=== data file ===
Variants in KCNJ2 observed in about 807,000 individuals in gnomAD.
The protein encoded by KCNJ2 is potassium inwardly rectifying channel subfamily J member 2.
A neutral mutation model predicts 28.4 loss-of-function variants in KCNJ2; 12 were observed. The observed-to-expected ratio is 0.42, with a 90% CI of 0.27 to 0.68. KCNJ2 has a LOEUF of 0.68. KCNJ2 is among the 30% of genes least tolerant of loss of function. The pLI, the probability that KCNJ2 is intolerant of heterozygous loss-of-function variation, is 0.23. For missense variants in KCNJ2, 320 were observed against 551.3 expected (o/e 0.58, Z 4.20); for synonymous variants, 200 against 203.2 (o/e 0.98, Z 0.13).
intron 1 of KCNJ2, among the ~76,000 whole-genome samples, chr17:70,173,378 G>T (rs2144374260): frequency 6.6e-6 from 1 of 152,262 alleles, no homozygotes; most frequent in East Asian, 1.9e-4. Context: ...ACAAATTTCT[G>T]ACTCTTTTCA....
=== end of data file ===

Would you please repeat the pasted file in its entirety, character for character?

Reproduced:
Variants in KCNJ2 observed in about 807,000 individuals in gnomAD.
The protein encoded by KCNJ2 is potassium inwardly rectifying channel subfamily J member 2.
A neutral mutation model predicts 28.4 loss-of-function variants in KCNJ2; 12 were observed. The observed-to-expected ratio is 0.42, with a 90% CI of 0.27 to 0.68. KCNJ2 has a LOEUF of 0.68. KCNJ2 is among the 30% of genes least tolerant of loss of function. The pLI, the probability that KCNJ2 is intolerant of heterozygous loss-of-function variation, is 0.23. For missense variants in KCNJ2, 320 were observed against 551.3 expected (o/e 0.58, Z 4.20); for synonymous variants, 200 against 203.2 (o/e 0.98, Z 0.13).
intron 1 of KCNJ2, among the ~76,000 whole-genome samples, chr17:70,173,378 G>T (rs2144374260): frequency 6.6e-6 from 1 of 152,262 alleles, no homozygotes; most frequent in East Asian, 1.9e-4. Context: ...ACAAATTTCT[G>T]ACTCTTTTCA....